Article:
The Story about Zika and Birth Control Catholics AREN’T talking about…

The Pope said some things on a plane. That’s not what this post is about.

In the days following those things being said on a plane and the “clarification,” a lot of us Catholics here in the US got, well, angry. And confused and we narrowed the lens of what was said and what was meant into the confines of our own lives. We focused on how what the Pope said hurt us personally because we were being witnesses to Church teaching on the subjects of openness to life and nfp and whatnot. And then we spent a lot of time focusing on a) how this would schism the Church, b) how to respond and c) how we still love Papa Francesco and we are definitely NOT bashing him. I know because I did it too.

And so, here we are.

From the comfort of our First World homes with air-conditioning and wi-fi, we’ve gotten upset (and rightfully so) and some of us are having trouble shaking that upset. Well, allow me to please shake you out of it.

While the mainstream US media has made Zika and microcephaly fates worse than death itself and while we’ve fretted about whether what the Pope said on a plane is a change to Church teaching…in Brazil, mothers of babies with microcephaly live their lives.

Maybe you’ve see a picture as you’ve scrolled past major news sites of a baby boy with microcephaly in Brazil who is in a bucket. Surely this is the story of despair. But, strangely, it is not.

In fact, the BBC went to meet this baby and his mother. Would you be surprised to know he has a name? It’s Jose Wesley. And his mother, Solange, thinks of him as a normal baby. And she is proud the story has gotten out because she knows that there are other families out there who can be helped by seeing and hearing it. She talks about what it was like to have Zika. And what the doctors have told her the future holds for her and Wesley but how she believes it might not happen like that. This profile (which you should watch and not just read) is not a story of difficulty and sadness, it’s a story of hope and a mother simply loving her son. Does she really look all that different from you caring for your own baby or a friend caring for hers?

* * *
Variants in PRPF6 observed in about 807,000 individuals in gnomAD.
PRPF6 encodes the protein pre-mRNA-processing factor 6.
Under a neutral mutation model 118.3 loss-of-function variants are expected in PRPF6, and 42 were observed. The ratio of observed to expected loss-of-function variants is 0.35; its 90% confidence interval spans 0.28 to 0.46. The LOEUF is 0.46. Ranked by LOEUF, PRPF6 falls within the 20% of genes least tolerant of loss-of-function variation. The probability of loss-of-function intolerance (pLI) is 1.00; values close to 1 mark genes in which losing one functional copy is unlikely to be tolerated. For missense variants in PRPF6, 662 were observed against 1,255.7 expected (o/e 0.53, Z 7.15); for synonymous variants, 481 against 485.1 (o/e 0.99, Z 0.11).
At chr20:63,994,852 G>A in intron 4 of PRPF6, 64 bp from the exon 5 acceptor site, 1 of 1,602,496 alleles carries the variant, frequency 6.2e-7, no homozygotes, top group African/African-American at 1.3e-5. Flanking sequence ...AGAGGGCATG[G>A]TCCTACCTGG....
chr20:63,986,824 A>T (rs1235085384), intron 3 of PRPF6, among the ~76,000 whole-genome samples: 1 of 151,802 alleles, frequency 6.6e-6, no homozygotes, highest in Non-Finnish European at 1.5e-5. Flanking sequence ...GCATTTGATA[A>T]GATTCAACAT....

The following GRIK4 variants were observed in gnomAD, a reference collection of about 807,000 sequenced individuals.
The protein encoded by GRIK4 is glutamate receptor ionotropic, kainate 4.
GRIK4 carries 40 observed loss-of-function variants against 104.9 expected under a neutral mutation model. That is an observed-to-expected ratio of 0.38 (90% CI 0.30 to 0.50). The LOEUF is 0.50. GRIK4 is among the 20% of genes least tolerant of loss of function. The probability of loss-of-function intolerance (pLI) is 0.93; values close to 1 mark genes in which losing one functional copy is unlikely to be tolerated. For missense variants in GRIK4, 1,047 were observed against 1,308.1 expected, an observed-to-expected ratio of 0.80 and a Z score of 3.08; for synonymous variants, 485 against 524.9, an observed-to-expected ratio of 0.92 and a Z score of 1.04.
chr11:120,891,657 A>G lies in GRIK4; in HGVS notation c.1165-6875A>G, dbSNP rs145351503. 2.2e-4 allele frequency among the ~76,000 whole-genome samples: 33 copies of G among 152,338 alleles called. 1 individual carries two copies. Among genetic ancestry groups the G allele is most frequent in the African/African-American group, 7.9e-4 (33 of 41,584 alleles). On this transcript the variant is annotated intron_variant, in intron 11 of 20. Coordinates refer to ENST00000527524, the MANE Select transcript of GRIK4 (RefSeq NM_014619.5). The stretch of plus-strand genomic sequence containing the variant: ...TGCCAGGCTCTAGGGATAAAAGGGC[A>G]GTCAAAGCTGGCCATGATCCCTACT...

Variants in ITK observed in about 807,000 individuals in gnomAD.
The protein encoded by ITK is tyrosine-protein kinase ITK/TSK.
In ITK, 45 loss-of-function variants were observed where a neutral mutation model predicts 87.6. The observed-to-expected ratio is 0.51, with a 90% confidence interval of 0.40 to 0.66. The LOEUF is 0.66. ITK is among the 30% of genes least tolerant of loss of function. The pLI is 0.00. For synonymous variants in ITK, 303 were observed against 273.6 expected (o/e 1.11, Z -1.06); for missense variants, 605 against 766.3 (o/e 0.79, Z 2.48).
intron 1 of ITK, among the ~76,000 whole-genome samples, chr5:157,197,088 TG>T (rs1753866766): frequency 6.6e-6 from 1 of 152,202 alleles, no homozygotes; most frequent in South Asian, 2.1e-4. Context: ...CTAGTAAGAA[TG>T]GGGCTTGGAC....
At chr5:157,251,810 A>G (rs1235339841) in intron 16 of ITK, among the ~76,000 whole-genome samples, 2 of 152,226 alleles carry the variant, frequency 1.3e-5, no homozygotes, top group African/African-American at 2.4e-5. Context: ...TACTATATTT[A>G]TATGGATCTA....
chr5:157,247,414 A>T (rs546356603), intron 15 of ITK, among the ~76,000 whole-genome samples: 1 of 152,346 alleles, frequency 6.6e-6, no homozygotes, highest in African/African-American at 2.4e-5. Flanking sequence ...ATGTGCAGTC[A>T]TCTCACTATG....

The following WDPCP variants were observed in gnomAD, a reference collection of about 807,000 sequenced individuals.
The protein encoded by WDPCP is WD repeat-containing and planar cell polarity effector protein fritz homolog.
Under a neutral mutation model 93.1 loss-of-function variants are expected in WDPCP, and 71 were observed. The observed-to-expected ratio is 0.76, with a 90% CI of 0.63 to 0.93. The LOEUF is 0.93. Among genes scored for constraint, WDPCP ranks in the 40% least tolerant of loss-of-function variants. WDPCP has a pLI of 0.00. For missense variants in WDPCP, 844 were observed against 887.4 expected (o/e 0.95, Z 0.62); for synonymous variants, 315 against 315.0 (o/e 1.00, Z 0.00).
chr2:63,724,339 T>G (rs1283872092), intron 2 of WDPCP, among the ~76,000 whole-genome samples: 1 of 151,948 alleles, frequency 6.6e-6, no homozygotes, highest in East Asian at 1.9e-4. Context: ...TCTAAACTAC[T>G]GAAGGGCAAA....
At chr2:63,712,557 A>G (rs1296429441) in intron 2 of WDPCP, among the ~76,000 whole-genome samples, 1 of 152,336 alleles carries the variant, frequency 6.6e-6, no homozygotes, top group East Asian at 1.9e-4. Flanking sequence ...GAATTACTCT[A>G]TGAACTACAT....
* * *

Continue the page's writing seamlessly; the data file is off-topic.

The point she made by allowing her son to be photographed by the AP and later by being interviewed by the BBC without ever saying it? His life matters. His life has value. Microcephaly surely means life will be different for him than for his brothers, but that doesn’t make it less than. She doesn’t see him as the face of microcephaly and this condition does not change the fact that he is Wesley.

And what about that hope and optimism about his future?

Allow me to introduce you to Ana Carolina Cáceres. Once again, thanks to the BBC, we have her testimony:

“When I was born, the doctor told my parents: ‘She will not walk, she will not talk and, over time, she will enter into a vegetative state until she dies.’ He was wrong.”

Ana is twenty-four now and has graduated from college with a degree in journalism which she hopes will help her to give voice to others like her, who are voiceless.

Through an American-Catholic lens, we want to focus our pro-life attentions on the aspect of birth control to avoid these children possibly being born with microcephaly or stopping abortions of children showing signs of the condition in utero. We are playing into the hands of our mainstream media and secular culture by focusing solely on those aspects.

How many times, as a pro-life Catholic have you heard, “These people only care about the babies before they are born and then do nothing once they are here,” or some variation of that. Should we ignore abortion and birth control as they pertain to Zika/microcephaly or any other condition? Of course not. But we should also not talk about them to the exclusion of the issue of children born to mothers who contracted Zika (whether through sexual contact or mosquitos) and developed microcephaly as a result. The issue of their lives is also a pro-life issue; a very big and serious one that is being lost in light of the focus of disease prevention and the Pope’s statement and it’s fallout.

It is fine if you were upset or angry or confused by what Pope Francis said, but let’s take that most American of stereotypes and put it to good use by pulling ourselves up by our bootstraps and sharing the stories of Wesley and Ana Carolina. Let’s make those stories go as viral as any Papal pronouncement because their lives are witness to what we profess when we follow Church teaching on life…they matter. They were created by God who never, ever makes mistakes. Don’t allow the secularists or the anti-life movement control this narrative with scare tactics and confusion. Counter with life in all its glory.

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